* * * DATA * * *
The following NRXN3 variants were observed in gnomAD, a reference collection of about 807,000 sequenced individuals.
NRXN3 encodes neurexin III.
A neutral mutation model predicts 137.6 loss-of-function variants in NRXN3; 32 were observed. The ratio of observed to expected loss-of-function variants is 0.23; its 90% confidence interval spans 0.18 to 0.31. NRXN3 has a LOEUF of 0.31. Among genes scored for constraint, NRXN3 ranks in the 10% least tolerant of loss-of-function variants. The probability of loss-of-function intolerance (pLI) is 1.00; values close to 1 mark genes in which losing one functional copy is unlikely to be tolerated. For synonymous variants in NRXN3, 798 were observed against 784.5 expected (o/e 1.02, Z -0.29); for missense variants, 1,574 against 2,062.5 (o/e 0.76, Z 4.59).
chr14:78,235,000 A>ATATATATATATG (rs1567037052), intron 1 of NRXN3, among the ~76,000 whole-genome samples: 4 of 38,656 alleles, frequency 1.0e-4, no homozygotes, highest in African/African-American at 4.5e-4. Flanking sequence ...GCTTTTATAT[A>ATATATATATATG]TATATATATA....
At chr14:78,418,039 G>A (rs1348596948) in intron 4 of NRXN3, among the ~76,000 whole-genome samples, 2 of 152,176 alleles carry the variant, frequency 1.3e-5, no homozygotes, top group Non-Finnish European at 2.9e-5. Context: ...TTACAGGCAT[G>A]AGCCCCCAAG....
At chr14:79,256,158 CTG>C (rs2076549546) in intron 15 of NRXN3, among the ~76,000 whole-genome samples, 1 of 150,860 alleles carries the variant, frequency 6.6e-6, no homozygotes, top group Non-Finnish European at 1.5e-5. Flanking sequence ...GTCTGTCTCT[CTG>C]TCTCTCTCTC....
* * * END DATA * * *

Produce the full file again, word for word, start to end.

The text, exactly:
The following NRXN3 variants were observed in gnomAD, a reference collection of about 807,000 sequenced individuals.
NRXN3 encodes neurexin III.
A neutral mutation model predicts 137.6 loss-of-function variants in NRXN3; 32 were observed. The ratio of observed to expected loss-of-function variants is 0.23; its 90% confidence interval spans 0.18 to 0.31. NRXN3 has a LOEUF of 0.31. Among genes scored for constraint, NRXN3 ranks in the 10% least tolerant of loss-of-function variants. The probability of loss-of-function intolerance (pLI) is 1.00; values close to 1 mark genes in which losing one functional copy is unlikely to be tolerated. For synonymous variants in NRXN3, 798 were observed against 784.5 expected (o/e 1.02, Z -0.29); for missense variants, 1,574 against 2,062.5 (o/e 0.76, Z 4.59).
chr14:78,235,000 A>ATATATATATATG (rs1567037052), intron 1 of NRXN3, among the ~76,000 whole-genome samples: 4 of 38,656 alleles, frequency 1.0e-4, no homozygotes, highest in African/African-American at 4.5e-4. Flanking sequence ...GCTTTTATAT[A>ATATATATATATG]TATATATATA....
At chr14:78,418,039 G>A (rs1348596948) in intron 4 of NRXN3, among the ~76,000 whole-genome samples, 2 of 152,176 alleles carry the variant, frequency 1.3e-5, no homozygotes, top group Non-Finnish European at 2.9e-5. Context: ...TTACAGGCAT[G>A]AGCCCCCAAG....
At chr14:79,256,158 CTG>C (rs2076549546) in intron 15 of NRXN3, among the ~76,000 whole-genome samples, 1 of 150,860 alleles carries the variant, frequency 6.6e-6, no homozygotes, top group Non-Finnish European at 1.5e-5. Flanking sequence ...GTCTGTCTCT[CTG>C]TCTCTCTCTC....